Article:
E2SHB 1439

This analysis was prepared by non-partisan legislative staff for the use of legislative members in their deliberations. This analysis is not a part of the legislation nor does it constitute a statement of legislative intent.

As Amended by the Senate

Title: An act relating to regulating the institutions of higher education, including for-profit institutions and private vocational schools, to protect students from unfair business practices.

Brief Description: Regulating the institutions of higher education, including for-profit institutions and private vocational schools, to protect students from unfair business practices.

Sponsors: House Committee on Appropriations (originally sponsored by Representatives Pollet, Haler, Tarleton, Fey, Sells, Orwall, Ryu, Stanford and Dolan).

Brief History:

Committee Activity:

Higher Education: 2/1/17, 2/17/17 [DPS];

Appropriations: 2/24/17 [DP2S(w/o sub HE)].

Floor Activity:

Passed House: 3/6/17, 56-42.

Floor Activity:

Passed House: 2/7/18, 63-35.

Senate Amended.

Passed Senate: 3/1/18, 31-18.

Brief Summary of Engrossed Second Substitute Bill

  • Authorizes the Washington Student Achievement Council to continue administering its study from 2016 on for-profit degree-granting institutions and private vocational schools, and to include recommendations on the creation of an ombuds office.

  • Makes it an unfair business practice for degree-granting institutions and private vocational schools to provide misleading or deceptive testimonials and endorsements.

  • Provides that if a degree-granting institution or private vocational school presents certain performance data, the posted data must be consistent with data posted on the state Career Bridge website or data posted by the United Stated Department of Education.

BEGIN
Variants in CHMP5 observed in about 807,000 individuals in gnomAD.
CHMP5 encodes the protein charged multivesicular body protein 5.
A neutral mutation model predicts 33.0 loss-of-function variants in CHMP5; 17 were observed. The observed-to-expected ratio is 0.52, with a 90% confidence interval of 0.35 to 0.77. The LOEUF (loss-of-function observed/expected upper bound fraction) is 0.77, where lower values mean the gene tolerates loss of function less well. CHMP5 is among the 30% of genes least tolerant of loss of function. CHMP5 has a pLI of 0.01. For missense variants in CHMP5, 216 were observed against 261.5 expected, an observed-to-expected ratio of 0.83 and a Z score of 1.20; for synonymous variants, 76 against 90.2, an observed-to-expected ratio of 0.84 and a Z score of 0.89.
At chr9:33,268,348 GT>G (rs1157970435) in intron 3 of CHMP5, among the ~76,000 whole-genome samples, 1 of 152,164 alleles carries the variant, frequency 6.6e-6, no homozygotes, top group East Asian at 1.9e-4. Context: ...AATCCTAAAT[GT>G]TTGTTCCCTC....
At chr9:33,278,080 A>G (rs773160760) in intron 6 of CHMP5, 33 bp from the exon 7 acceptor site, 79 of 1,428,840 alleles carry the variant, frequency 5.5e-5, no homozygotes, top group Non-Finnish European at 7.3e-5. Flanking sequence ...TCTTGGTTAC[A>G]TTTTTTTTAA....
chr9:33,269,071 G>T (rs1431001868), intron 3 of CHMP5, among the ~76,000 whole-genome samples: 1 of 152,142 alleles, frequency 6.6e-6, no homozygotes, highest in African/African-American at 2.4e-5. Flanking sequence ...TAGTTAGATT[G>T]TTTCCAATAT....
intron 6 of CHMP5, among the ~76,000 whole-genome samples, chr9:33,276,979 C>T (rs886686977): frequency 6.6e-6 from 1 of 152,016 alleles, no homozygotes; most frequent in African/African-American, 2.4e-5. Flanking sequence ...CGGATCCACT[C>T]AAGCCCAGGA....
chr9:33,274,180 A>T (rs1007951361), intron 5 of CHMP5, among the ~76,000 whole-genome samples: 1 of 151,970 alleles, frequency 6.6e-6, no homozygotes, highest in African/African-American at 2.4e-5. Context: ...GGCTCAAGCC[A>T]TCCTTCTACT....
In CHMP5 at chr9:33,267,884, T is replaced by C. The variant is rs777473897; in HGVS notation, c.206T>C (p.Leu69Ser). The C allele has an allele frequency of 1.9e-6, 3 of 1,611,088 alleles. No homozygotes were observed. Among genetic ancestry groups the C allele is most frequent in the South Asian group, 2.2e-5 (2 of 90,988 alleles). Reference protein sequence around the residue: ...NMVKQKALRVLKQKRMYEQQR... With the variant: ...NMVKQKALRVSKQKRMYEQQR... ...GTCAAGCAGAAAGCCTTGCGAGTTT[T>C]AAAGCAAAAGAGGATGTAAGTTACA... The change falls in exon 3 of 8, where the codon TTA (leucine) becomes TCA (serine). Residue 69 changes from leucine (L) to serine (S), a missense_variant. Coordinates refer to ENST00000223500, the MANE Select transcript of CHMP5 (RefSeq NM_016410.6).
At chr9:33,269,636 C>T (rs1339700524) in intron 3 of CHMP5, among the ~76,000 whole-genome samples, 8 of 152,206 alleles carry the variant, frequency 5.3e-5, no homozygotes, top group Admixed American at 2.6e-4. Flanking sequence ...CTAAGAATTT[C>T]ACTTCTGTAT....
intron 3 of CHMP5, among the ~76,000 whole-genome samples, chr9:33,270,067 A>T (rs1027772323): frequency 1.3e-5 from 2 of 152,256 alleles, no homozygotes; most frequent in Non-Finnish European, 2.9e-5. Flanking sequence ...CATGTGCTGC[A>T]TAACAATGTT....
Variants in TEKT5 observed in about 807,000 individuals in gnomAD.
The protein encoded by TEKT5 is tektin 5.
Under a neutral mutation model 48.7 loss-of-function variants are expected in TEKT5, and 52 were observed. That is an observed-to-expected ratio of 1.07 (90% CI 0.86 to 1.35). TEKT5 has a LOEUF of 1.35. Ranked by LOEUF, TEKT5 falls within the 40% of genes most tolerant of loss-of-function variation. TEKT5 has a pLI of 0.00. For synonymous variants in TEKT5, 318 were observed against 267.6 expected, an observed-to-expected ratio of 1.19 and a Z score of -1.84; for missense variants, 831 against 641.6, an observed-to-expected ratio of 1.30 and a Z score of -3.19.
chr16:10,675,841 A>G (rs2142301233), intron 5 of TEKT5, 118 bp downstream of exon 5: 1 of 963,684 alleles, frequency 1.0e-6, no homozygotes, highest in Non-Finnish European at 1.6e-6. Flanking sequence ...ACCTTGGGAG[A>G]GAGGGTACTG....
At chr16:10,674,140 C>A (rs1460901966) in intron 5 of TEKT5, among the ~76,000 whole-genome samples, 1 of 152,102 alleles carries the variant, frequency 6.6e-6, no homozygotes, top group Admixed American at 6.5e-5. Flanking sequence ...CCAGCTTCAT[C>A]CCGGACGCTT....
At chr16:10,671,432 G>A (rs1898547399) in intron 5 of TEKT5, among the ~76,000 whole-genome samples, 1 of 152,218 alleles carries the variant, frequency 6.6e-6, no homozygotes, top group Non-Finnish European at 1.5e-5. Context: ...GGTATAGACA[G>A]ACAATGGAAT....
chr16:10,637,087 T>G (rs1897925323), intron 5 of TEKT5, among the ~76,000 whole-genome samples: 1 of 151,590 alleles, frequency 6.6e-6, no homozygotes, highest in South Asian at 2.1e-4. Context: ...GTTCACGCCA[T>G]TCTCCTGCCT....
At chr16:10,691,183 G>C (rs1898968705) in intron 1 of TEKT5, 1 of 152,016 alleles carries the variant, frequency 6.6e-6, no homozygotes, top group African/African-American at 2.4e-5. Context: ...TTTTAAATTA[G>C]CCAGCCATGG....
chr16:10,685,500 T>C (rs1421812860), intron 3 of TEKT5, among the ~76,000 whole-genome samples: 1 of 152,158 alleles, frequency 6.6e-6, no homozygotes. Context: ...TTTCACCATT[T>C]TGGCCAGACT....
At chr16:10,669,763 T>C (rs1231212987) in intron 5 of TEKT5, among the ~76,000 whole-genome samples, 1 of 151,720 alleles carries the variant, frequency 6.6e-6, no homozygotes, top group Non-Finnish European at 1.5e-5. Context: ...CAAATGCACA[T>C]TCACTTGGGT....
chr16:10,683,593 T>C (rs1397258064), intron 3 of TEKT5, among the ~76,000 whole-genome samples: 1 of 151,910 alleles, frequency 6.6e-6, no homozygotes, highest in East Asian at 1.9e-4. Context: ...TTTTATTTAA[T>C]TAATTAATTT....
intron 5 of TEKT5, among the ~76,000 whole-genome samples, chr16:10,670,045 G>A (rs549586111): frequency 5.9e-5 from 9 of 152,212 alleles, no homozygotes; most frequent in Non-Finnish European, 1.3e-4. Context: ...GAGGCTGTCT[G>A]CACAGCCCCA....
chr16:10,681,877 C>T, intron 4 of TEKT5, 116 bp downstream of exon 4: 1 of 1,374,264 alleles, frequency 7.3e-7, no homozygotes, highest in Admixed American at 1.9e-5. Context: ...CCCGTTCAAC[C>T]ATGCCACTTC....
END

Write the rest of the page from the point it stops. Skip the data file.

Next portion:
Majority Report: The substitute bill be substituted therefor and the substitute bill do pass. Signed by 5 members: Representatives Hansen, Chair; Pollet, Vice Chair; Orwall, Sells and Tarleton.

Minority Report: Do not pass. Signed by 4 members: Representatives Holy, Ranking Minority Member; Van Werven, Assistant Ranking Minority Member; Haler and Stambaugh.

Staff: Trudes Tango (786-7384).


Majority Report: The second substitute bill be substituted therefor and the second substitute bill do pass and do not pass the substitute bill by Committee on Higher Education. Signed by 19 members: Representatives Ormsby, Chair; Robinson, Vice Chair; Bergquist, Cody, Fitzgibbon, Haler, Hansen, Hudgins, Jinkins, Kagi, Lytton, Pettigrew, Pollet, Sawyer, Senn, Springer, Stanford, Sullivan and Tharinger.

Minority Report: Do not pass. Signed by 13 members: Representatives Chandler, Ranking Minority Member; MacEwen, Assistant Ranking Minority Member; Stokesbary, Assistant Ranking Minority Member; Buys, Caldier, Condotta, Harris, Nealey, Schmick, Taylor, Vick, Volz and Wilcox.

Minority Report: Without recommendation. Signed by 1 member: Representative Manweller.

Staff: Lily Sobolik (786-7157).


For-profit post secondary institutions are regulated by federal and state laws. The two agencies in Washington that regulate most for-profit schools are: (1) the Washington Student Achievement Council (WSAC), which regulates degree-granting institutions; and (2) the Workforce Training and Education Coordinating Board (WTB), which regulates private vocational schools.

Degree-granting institutions, which includes for-profit schools, and private vocational schools must be authorized or licensed by the appropriate regulating agency, meet certain minimum standards regarding academic standards and financial stability, and not engage in unfair or deceptive practices set forth in the statutes. Certain degree-granting institutions, such as the public universities and private institutions that meet specific criteria from the WSAC, are exempt from the regulatory statutes.